Madagascar - The Eighth Continent
By the end of this activity, students will be able to:
- locate Madagascar on a world map and place significant cities, rivers,
and mountains on the island
- trace on a world map the journey that a student would take to reach
Madagascar and calculate the length of the trip
- use a map scale to estimate the land area of Madagascar
- locate and understand the island's major ecosystems
- know some basic information about Madagascar and how it compares to the
student's own state.
Related National Standards
Curriculum Standards for Social Studies (National Council for the Social
Curriculum and Evaluation Standards for School Mathematics (National Council
of Teachers of Mathematics)
- III. People, Places, and Environments: Social studies programs should include
experiences that provide for the study of people, places, and environments.
- VI. Power, Authority, and Governance: Social studies programs should include
experiences that provide for the study of how people create and change
structures of power, authority, and governance.
- Grades 5-8
Standard 7: Computation and Estimation
Standard 13: Measurement
Materials needed for each group
Estimated Time to Complete Lesson
One class period is needed to complete the two map activities (Procedure
Steps #1-3). A second class period is needed to complete the chart comparing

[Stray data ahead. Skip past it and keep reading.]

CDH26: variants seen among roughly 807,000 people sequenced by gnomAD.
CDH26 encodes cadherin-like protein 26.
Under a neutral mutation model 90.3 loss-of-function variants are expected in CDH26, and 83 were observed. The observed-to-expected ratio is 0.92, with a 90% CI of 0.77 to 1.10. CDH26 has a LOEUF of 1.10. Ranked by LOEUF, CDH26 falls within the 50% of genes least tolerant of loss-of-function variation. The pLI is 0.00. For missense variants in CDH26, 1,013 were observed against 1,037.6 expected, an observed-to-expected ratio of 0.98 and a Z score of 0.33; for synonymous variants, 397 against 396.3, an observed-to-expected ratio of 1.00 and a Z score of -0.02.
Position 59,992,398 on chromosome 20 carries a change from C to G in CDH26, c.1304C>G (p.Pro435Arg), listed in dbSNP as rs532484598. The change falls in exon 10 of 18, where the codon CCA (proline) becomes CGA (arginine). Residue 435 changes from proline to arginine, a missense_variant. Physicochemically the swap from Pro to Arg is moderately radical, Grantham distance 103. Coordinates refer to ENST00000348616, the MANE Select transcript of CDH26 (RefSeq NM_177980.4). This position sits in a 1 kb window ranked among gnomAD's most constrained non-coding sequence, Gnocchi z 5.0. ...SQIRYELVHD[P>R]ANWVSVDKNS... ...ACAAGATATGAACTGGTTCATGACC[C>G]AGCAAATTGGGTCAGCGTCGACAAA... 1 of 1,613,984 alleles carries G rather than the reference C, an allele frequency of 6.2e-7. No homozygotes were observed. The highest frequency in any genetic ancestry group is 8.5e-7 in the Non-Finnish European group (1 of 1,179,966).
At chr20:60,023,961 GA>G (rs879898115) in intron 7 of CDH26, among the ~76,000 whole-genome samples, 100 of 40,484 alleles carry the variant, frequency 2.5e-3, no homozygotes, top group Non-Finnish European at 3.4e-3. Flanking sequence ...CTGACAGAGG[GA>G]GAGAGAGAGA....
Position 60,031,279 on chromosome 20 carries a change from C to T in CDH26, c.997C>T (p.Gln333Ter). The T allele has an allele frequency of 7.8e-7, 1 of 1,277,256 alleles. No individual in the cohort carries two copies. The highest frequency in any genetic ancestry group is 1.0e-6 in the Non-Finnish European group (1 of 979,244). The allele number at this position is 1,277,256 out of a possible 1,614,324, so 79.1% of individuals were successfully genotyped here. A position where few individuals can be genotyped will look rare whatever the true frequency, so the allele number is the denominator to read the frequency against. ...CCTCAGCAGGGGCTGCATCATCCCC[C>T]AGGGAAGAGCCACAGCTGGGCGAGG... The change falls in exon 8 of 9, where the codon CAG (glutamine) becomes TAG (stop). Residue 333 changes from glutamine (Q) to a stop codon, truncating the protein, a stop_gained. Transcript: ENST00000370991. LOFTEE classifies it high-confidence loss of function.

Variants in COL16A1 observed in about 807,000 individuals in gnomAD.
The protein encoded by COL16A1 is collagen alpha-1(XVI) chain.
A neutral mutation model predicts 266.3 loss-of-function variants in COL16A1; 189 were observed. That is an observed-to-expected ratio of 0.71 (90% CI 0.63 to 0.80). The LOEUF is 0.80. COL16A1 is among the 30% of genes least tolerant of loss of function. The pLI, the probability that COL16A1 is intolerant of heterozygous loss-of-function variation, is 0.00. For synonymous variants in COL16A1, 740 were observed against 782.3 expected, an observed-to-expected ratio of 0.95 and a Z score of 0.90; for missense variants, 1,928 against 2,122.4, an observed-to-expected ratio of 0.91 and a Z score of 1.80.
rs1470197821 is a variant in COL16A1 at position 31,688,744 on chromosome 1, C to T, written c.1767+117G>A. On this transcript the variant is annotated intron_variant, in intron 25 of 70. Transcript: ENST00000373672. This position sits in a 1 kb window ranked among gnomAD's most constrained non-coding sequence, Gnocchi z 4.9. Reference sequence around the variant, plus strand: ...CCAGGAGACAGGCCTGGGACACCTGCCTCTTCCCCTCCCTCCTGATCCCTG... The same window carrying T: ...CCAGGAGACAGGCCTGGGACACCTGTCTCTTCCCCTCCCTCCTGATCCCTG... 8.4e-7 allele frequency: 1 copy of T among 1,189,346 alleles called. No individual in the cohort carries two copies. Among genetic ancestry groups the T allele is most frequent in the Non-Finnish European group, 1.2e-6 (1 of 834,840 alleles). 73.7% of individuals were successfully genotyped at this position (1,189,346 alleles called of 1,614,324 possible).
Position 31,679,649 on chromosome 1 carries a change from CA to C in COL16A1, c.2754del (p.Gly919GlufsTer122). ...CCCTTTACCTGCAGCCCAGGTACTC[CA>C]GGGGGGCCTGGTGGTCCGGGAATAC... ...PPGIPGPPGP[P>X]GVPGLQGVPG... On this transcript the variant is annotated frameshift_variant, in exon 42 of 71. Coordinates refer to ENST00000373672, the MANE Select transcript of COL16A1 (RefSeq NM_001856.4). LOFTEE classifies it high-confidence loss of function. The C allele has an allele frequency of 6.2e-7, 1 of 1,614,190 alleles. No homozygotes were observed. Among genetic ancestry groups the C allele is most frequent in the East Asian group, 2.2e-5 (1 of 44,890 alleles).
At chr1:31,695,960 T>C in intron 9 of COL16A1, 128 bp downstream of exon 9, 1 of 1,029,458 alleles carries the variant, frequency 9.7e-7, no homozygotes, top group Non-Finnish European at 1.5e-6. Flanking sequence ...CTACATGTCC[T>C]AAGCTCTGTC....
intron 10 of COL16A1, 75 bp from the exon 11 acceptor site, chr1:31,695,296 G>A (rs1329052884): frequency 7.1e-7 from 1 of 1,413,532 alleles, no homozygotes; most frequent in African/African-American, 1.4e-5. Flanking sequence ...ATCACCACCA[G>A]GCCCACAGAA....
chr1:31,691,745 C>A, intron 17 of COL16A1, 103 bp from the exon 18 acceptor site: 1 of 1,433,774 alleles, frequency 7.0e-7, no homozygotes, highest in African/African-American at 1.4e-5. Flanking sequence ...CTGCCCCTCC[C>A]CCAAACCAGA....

and contrasting Madagascar to the state the student lives in and to discuss
some of the major differences between the two areas (Procedure Step #4).
Madagascar, the fourth-largest island in the world, is located 250 miles east
of Africa's eastern coast. The island's eastern coast is bordered by the Indian
Ocean and western coast by the Mozambique Channel. Madagascar is approximately
the size of Texas. However, it has many diverse environments, including lush
rainforest in the east, savanna and dry forest in the west, and the unique
spiny desert in the south. A central mountain range extending in a north/south
direction divides the island into an east and west coast. Altitude differences
(more than latitude) determine the island's variation of climate.
Madagascar is known for its biodiversity (the number of different species that
exist) and the number of endemic species (species that occur nowhere else on
Earth). For example, of the 300 species of reptiles and amphibians, 99 percent
are endemic. Madagascar is one of the top eight places in the world in terms of
its rich biodiversity.
The island has been referred to as a hidden Eden. The diverse plant and animal
life has evolved in isolation for more than 160 million years. People arrived